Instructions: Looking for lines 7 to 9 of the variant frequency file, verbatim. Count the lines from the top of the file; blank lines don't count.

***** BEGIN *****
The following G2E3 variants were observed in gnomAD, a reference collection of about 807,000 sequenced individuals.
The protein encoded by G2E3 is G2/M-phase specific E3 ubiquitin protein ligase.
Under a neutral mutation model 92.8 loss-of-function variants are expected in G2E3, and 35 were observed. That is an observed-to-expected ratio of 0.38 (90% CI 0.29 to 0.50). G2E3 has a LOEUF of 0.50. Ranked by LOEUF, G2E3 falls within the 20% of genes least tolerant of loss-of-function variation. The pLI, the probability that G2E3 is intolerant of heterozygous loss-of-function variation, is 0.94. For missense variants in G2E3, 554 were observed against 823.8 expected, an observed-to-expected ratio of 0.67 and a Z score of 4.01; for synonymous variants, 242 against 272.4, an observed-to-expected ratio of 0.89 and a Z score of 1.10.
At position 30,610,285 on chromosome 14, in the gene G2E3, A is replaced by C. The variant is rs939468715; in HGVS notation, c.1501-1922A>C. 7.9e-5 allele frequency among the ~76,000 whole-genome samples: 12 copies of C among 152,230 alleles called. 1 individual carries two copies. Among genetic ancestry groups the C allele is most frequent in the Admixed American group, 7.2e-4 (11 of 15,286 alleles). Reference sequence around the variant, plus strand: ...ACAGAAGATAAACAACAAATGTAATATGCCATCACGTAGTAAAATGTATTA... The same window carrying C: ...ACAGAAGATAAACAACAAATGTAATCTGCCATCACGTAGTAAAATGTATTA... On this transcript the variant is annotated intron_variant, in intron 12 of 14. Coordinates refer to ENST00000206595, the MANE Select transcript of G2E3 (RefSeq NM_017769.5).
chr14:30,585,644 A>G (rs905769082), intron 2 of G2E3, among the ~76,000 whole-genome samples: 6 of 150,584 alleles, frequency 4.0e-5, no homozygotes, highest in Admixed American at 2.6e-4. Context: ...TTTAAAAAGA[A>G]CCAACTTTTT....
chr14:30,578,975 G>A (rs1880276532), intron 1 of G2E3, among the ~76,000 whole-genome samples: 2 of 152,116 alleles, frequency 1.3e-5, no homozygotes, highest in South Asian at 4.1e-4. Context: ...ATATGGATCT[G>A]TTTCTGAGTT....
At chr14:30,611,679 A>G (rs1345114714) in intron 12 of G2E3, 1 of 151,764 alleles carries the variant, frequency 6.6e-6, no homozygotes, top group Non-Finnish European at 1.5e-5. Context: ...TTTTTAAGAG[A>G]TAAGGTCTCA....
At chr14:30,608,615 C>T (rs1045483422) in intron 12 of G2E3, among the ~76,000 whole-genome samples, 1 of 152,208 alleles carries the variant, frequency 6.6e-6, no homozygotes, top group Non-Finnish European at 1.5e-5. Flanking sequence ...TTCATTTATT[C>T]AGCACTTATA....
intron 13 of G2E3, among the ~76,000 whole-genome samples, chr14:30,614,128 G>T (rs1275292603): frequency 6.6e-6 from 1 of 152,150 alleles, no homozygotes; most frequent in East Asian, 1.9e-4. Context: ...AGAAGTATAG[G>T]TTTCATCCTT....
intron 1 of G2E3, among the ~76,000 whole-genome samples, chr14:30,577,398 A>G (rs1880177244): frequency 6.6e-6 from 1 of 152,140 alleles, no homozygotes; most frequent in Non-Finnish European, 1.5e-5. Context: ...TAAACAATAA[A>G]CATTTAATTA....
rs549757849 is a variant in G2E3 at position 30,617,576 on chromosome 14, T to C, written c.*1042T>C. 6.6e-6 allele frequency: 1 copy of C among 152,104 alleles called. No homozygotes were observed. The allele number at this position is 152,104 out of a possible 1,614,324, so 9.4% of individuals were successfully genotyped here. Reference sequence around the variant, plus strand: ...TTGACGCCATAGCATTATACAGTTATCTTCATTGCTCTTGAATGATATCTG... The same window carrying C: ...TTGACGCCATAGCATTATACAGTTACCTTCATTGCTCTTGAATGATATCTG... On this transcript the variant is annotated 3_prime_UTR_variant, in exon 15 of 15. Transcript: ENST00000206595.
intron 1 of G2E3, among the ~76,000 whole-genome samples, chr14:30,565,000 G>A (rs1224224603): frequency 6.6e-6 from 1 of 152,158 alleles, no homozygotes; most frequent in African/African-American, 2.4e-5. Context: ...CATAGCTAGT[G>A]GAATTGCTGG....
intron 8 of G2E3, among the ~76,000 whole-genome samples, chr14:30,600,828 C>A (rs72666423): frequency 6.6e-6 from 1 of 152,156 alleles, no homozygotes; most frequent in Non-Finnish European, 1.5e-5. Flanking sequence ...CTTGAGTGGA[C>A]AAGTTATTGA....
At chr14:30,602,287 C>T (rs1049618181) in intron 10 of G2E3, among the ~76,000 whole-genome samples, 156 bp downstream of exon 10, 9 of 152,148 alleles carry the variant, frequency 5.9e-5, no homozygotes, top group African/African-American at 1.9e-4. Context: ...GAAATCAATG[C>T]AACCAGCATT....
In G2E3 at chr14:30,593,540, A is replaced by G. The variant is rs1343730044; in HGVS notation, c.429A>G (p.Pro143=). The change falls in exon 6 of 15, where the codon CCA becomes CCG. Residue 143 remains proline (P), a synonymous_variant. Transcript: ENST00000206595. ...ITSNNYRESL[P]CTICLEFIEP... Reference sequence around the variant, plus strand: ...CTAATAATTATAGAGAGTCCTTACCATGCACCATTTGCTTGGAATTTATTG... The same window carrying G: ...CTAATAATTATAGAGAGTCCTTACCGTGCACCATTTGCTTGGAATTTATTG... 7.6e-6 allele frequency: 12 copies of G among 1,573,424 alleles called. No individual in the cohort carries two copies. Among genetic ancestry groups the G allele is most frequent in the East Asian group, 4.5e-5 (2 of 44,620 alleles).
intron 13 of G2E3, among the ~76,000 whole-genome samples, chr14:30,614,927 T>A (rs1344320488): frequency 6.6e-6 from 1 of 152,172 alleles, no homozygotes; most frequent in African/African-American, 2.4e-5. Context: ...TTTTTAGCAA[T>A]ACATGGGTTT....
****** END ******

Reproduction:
At chr14:30,611,679 A>G (rs1345114714) in intron 12 of G2E3, 1 of 151,764 alleles carries the variant, frequency 6.6e-6, no homozygotes, top group Non-Finnish European at 1.5e-5. Context: ...TTTTTAAGAG[A>G]TAAGGTCTCA....
At chr14:30,608,615 C>T (rs1045483422) in intron 12 of G2E3, among the ~76,000 whole-genome samples, 1 of 152,208 alleles carries the variant, frequency 6.6e-6, no homozygotes, top group Non-Finnish European at 1.5e-5. Flanking sequence ...TTCATTTATT[C>T]AGCACTTATA....
intron 13 of G2E3, among the ~76,000 whole-genome samples, chr14:30,614,128 G>T (rs1275292603): frequency 6.6e-6 from 1 of 152,150 alleles, no homozygotes; most frequent in East Asian, 1.9e-4. Context: ...AGAAGTATAG[G>T]TTTCATCCTT....